Flu season in the northern hemisphere can range from as early as November to as late as May. The peak month usually is February.
However, this coming season is expected to be unpredictable because of the emergence of the H1N1 influenza virus, or swine flu. H1N1 has caused the first global outbreak—pandemic—of influenza in more than four decades.
There is concern that the 2009 H1N1 virus may make the season worse than a regular flu season. It is feared that there will be many more hospitalizations and fatalities this season. The 2009 H1N1 virus caused illness in the United States during the summer months, when influenza is very uncommon. <!–more–>
The 2009-10 flu vaccine protects against the three main flu strains that research indicates will cause the most illness during the flu season. The seasonal vaccine is not expected to protect against the 2009 H1N1 virus. A vaccine for 2009 H1N1 is being produced and rolled out now.
The 2009-10 vaccine can be administered anytime during flu season. However, the best time to get inoculated is October and November. The protection provided by the vaccine lasts about a year. Adults older than 50 are prime candidates for the vaccine because the flu can be fatal for people in this age group.
The Centers for Disease Control and Prevention (CDC) estimate that up to 20 percent of the population gets the flu each year.
The CDC reports that vaccination rates are better for those older than 65. About 7 in 10 seniors get their flu shots. You can get the flu vaccine from your doctor, at public health centers, senior centers, pharmacies and supermarkets.
For more than four decades, the flu vaccine has been strongly recommended for older people, but now some scientists say the vaccine probably doesn’t work well for those older than 70. About 75 percent of flu deaths happen to people in this age group.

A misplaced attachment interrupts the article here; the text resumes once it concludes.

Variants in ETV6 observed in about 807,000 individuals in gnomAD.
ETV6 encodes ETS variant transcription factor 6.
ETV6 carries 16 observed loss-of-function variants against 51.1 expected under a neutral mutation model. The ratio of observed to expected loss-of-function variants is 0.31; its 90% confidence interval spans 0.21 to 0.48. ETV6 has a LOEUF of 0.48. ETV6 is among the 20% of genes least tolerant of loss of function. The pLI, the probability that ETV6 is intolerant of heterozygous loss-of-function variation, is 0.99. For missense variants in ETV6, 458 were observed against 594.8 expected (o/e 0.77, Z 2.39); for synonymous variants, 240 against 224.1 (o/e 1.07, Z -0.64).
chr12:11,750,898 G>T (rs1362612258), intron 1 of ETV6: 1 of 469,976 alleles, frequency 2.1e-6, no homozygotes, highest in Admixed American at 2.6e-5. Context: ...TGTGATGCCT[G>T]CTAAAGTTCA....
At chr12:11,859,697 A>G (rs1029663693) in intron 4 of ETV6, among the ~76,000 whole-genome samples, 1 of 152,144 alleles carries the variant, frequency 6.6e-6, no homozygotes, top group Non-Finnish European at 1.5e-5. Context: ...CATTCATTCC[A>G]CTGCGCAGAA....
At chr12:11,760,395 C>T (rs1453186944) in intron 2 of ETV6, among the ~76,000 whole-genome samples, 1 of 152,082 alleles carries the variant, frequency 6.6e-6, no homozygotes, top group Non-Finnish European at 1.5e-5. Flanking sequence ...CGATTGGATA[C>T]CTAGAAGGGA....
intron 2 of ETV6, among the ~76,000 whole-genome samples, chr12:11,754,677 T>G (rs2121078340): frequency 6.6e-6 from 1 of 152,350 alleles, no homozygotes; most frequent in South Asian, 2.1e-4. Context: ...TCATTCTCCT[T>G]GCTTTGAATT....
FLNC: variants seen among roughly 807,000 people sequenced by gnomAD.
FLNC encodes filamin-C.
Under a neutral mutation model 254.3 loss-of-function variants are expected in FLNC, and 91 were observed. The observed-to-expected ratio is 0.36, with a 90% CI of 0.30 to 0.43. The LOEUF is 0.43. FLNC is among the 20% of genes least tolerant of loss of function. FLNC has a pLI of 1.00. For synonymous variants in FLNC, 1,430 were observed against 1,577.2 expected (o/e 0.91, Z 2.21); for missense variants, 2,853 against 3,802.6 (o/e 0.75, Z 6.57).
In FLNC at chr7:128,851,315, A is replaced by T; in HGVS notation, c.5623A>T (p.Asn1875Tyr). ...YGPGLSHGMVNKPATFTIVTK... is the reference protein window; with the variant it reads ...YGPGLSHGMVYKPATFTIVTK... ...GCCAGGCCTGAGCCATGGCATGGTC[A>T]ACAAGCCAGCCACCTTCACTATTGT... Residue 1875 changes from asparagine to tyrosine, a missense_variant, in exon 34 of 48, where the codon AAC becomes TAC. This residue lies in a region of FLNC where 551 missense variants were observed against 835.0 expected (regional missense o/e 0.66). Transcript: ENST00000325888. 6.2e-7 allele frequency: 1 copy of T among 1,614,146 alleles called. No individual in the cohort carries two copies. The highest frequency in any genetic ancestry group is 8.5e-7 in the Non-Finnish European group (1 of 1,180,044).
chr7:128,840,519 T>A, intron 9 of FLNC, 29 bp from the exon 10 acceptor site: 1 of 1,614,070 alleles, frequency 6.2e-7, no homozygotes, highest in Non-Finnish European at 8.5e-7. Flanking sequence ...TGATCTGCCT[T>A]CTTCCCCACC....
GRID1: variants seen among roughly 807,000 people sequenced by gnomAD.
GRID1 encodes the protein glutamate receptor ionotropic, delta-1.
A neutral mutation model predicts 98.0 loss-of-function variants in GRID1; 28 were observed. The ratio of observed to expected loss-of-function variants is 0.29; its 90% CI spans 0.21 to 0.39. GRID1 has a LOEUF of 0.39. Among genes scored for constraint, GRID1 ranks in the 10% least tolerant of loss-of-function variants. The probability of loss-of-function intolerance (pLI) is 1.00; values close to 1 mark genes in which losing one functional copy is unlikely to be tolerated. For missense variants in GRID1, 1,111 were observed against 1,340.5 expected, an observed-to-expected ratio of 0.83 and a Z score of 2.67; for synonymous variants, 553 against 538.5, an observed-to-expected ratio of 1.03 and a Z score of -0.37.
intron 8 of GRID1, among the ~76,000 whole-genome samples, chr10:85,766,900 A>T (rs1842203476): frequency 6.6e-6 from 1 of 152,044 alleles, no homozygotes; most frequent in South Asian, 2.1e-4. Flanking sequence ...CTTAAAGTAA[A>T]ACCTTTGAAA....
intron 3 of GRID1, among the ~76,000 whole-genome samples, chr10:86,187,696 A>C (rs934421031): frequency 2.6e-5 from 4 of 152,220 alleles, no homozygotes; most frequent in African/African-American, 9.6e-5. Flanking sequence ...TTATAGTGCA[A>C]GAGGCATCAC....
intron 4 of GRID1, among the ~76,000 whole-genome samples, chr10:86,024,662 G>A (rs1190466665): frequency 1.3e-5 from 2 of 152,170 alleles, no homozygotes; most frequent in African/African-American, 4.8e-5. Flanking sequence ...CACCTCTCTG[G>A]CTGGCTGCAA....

Flu is a contagious illness of the respiratory system caused by the influenza virus. Flu can lead to ear problems, dehydration, pneumonia, bronchitis and sinusitis.
Droplets from coughing and sneezing spread the flu. An adult with flu can infect others beginning one day before symptoms develop and up to five days after becoming sick. Children may spread flu for more than seven days.
The best way to combat the bug is to get the flu vaccine. You have to get inoculated annually because new vaccines are prepared every year to combat new versions of the virus. When you battle the flu, you develop antibodies to the invading virus, but those antibodies don’t work on new strains. The vaccine does not prevent flu in all people; it works better in younger recipients than older ones.
Contrary to rumor, you can’t catch the flu from the vaccine. The flu vaccine is not made from a live virus.
The recovery time for the flu is about one to two weeks. However, in seniors, weakness may persist for a longer time.
The common scenario for flu is a sudden onset of symptoms, which include chills, fatigue, fever, cough, headache, sore throat, nasal congestion, muscle aches and appetite loss.
While nausea, vomiting and diarrhea can be related to the flu, these are rarely the primary flu symptoms. The flu is not a stomach or intestinal disease. The term “stomach flu” is inaccurate.
When symptoms strike, get to a doctor as soon as possible—the faster, the better. There are prescription antiviral drugs to treat flu. Over-the-counter medicines can help relieve symptoms of the flu. You should also drink liquids to prevent dehydration, and sleep to bolster your immune system.
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